Elon Musk does not want to be remembered as the author of one of the most untimely acquisitions in history.
Since it announced its entry into the Twitter directory with 9.2% on April 4, to later present a Public Acquisition Offer (OPA) for 100% of the social network, the Nasdaq index of technology companies has fallen between 18% and up to 21%.
However, Twitter had resisted on the stock market during these weeks, having the support of the OPA in Musk’s eyes, at US$54.2 per share. Now, this network has been holed by Musk himself, who has said that the offer on Twitter is on hold. The company’s shares fell as much as 8% on Wall Street to $40.
The market already had doubts about the takeover bid, taking into account the traditional volatility in Musk’s intentions, who once threatened to launch an offer for Tesla’s minority interests, which he never fulfilled.
Bearish investor Hindenburg Research said last week that Musk has “all the cards in hand” in the Twitter takeover bid, so he may lower the price to accommodate the Nasdaq correction.
After the message released on Friday, the possibility of a renegotiation seems to gain strength. Musk can tell Twitter’s board to either accept a lower price or back out altogether. In this case, he would have to pay compensation of US$1 billion, which is low compared to the premium Musk can pay if he keeps the US$54.2 (US$44 billion in total).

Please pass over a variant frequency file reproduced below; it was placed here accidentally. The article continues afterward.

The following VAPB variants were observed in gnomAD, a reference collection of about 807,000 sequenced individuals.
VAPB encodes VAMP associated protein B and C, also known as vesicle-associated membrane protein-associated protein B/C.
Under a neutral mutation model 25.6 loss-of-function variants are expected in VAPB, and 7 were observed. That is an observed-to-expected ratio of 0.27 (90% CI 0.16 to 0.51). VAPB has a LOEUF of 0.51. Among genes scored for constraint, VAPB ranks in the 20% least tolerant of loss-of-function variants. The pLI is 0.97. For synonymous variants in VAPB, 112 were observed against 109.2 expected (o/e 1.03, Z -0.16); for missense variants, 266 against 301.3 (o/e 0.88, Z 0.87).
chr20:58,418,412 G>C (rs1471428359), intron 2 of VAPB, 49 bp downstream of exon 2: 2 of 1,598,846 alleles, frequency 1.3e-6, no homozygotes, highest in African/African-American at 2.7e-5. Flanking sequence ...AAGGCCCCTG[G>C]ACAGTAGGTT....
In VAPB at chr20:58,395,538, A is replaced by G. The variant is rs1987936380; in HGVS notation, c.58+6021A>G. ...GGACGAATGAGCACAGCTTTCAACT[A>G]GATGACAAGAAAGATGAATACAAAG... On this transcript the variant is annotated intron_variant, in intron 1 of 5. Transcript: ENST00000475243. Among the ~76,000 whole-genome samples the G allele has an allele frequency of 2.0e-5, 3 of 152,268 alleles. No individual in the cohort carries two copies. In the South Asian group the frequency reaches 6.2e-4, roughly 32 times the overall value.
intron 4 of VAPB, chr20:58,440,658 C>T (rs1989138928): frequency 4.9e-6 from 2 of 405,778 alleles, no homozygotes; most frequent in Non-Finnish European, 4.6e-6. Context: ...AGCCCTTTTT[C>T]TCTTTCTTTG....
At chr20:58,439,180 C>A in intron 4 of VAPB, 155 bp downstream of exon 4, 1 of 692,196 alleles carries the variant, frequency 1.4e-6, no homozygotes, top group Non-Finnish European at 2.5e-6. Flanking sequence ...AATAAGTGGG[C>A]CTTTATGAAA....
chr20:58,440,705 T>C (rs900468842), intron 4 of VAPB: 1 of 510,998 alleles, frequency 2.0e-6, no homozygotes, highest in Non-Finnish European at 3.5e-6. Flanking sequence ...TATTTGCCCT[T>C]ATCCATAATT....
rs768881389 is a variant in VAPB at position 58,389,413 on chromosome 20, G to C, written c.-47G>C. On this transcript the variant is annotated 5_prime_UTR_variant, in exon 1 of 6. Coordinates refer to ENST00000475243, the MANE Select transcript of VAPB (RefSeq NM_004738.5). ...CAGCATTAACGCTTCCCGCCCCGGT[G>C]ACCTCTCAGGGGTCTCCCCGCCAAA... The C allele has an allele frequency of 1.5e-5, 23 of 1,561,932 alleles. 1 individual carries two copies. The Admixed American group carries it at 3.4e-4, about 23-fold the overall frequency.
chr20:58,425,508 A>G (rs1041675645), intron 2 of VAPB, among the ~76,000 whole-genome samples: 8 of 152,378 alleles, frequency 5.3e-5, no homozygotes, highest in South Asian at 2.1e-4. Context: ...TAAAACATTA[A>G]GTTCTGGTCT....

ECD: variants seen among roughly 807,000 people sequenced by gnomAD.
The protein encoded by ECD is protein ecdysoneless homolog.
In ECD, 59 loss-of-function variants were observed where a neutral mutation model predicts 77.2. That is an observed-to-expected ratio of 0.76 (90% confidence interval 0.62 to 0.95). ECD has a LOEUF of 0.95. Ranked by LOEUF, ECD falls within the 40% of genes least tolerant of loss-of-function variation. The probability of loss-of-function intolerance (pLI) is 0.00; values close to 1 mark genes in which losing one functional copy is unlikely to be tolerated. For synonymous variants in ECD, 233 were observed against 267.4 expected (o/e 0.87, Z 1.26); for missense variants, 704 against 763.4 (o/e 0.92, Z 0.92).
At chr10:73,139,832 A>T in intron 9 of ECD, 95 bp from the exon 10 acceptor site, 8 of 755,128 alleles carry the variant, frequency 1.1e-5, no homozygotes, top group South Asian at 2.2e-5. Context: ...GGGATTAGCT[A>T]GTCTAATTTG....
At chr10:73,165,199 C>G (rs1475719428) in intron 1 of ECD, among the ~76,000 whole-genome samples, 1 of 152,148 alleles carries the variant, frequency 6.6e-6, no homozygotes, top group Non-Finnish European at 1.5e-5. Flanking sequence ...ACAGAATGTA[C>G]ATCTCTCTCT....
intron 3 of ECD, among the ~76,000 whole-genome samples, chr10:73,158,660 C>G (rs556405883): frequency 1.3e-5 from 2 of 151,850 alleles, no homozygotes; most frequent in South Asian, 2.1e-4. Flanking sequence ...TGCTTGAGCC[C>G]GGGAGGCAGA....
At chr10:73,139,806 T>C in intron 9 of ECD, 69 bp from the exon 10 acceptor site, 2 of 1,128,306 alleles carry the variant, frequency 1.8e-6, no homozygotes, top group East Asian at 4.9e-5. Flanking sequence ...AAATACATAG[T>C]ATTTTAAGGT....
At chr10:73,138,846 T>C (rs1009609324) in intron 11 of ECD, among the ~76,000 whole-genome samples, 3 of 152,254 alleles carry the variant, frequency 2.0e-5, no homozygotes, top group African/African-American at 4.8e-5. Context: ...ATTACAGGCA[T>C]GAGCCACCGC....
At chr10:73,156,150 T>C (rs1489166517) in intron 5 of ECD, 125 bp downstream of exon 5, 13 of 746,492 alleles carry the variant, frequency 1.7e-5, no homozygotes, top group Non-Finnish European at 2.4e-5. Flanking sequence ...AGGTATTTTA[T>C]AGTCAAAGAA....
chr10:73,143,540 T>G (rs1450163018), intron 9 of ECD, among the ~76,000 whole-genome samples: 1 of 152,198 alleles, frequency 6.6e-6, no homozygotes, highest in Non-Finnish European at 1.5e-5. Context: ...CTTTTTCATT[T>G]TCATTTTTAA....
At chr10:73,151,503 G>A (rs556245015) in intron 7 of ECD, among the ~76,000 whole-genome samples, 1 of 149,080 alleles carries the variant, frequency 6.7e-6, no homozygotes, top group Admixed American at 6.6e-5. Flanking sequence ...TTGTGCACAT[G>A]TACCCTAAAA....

US law allows this change in the conditions of the OPA, since Musk has not yet formalized the ‘Transaction Proxy Statement’ with the SEC‘, a document in which he must ask the shareholders of Twitter to support his offer, if he finally goes ahead.
Banks and investors who have pledged their support for the takeover bid (including Morgan Stanley, Brookfield and Fidelity) may also welcome a downward adjustment in the takeover price that limits the risk they take on.
However, these same firms could see worse a total withdrawal that leaves them as participants in a new controversial maneuver of the founder of Tesla.
Still committed to acquisition
— Elon Musk (@elonmusk) May 13, 2022
The billionaire initially tweeted early saying the $44 billion deal is pending until he receives more information about the proportion of fake accounts on the social media site, sending shares lower.
A few hours later, he sent another tweet saying he is “still committed” to the deal. Twitter stocks rallied and part of their losses were reduced.
Musk said he was awaiting details on a recent Twitter filing that fake accounts on the social media platform accounted for less than 5% of its users. The social network explained in its latest quarterly results “that the average number of fake or spam accounts during the first quarter of 2022 represented less than 5% of our monthly daily active users during the quarter.”
But this data point has been a part of Twitter’s quarterly filings for nearly a decade. The company detailed that it applied a “significant judgment” to its latest estimate, and that the real number could be higher.
Fighting fake accounts has been a cornerstone of Musk’s attempt to reform Twitter. In a statement he announced his agreement to buy the company last month, he revealed that he wanted to defeat spam bots, authenticate all humans and make his algorithms open source. Which is only part of his ideas.